of the Southern Sky
To say the name is to say the story.
Three Brown Dots
Long ago when we people struggled for survival, we found a friend in the wolf. Yes, often he tagged along as we hunted, waiting for what we left, but soon we discovered that in the morning the fearsome creature left tracks to the new trails of the herd we followed. And soon our relationship grew, each helping the other feed our families.
Around the fire at night, we would see their eyes out in the tall grass or peeking by the pine.
The children would throw scraps to them, and soon they moved in closer, but not too close.
One day, our small one slept under the stars, and when she opened her eyes in the morning, there, a few feet from her, lay a small pup, his head facing her, nose pointing to her as its head rested between its front paws. Brown eyes blinked.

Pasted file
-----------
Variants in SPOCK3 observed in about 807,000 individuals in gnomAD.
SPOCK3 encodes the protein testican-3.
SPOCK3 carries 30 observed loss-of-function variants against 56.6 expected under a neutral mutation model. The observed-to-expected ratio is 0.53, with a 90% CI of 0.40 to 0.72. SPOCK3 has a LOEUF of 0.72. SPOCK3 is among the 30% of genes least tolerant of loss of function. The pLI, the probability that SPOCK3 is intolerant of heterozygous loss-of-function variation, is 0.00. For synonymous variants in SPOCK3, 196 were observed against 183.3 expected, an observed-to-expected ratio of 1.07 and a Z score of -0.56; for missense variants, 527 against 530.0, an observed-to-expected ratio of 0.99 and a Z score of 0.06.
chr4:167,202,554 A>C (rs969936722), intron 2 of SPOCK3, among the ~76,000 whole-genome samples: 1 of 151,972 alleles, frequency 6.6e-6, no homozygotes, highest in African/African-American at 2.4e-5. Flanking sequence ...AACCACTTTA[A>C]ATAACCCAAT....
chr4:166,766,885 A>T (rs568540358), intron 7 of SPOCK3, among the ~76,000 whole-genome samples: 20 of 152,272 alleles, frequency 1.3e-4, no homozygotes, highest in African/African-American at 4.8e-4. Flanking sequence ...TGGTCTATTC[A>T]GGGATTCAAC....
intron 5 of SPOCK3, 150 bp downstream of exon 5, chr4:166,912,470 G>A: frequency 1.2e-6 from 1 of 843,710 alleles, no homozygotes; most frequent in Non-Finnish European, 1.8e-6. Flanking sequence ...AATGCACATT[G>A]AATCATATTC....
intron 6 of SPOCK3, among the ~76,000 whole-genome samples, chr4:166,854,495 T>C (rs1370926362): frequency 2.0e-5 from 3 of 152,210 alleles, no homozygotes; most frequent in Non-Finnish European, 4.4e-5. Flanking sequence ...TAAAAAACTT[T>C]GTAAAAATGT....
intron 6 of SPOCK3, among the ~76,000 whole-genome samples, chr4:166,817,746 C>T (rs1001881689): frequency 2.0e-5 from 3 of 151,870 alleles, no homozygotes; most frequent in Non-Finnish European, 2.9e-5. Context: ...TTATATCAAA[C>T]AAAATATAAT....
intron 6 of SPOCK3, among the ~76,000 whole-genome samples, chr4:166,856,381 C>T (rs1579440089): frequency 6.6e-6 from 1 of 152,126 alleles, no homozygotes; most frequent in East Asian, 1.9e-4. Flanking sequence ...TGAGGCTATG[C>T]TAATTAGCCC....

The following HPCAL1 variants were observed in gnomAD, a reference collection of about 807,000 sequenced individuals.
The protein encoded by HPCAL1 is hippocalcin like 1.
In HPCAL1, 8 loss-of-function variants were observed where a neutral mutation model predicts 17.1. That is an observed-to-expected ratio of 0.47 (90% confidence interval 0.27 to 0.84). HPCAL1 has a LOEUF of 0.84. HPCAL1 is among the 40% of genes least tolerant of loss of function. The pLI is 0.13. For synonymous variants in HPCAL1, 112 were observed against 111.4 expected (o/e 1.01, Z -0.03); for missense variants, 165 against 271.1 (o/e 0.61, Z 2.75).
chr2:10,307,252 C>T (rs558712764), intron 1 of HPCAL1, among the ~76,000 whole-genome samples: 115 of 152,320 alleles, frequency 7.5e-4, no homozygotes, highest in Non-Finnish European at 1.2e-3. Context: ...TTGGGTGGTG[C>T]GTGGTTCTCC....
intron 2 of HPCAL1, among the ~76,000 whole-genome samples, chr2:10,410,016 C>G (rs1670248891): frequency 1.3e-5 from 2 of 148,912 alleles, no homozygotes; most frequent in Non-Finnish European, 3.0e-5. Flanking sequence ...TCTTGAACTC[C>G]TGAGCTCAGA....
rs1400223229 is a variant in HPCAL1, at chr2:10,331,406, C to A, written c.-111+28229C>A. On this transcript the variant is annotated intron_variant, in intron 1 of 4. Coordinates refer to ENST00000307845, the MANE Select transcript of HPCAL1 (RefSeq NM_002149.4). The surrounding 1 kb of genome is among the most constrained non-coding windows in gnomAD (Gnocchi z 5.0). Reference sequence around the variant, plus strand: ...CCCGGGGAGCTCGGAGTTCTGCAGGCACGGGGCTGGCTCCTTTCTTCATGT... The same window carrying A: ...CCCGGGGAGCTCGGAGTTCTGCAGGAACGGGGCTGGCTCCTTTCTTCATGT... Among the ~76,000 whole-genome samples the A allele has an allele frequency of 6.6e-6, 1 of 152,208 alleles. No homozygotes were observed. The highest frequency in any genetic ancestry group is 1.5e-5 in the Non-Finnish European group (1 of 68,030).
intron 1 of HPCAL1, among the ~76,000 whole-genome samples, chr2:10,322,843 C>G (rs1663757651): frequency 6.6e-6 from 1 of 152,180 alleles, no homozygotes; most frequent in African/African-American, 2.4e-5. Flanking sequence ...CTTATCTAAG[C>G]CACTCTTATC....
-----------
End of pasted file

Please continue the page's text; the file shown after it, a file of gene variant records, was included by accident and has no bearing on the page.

“Three brown dots,” she called out.
The pup’s tail curled up, but all else did not move.
“Three brown dots,” she called again, and tossed a scrap of dried venison to the pup.
And so it was, “Three Brown Dots” and the child became friends, keeping their distance, but knowing each other.
Many moons later as the child became a woman, her friend did not return one morning, and so after days, our people mourned the loss of our “Three Brown Dots.” As we told the story, the young woman looked into the sky and saw there in the southern sky, three twinkling brown stars. And soon she saw her friend, walking in the sky, looking down at her, tail curled.
And today you see Three Brown Dots walking.
See, just there.
And if you say the name, say the story.
In Memory of Our Three Brown Dots
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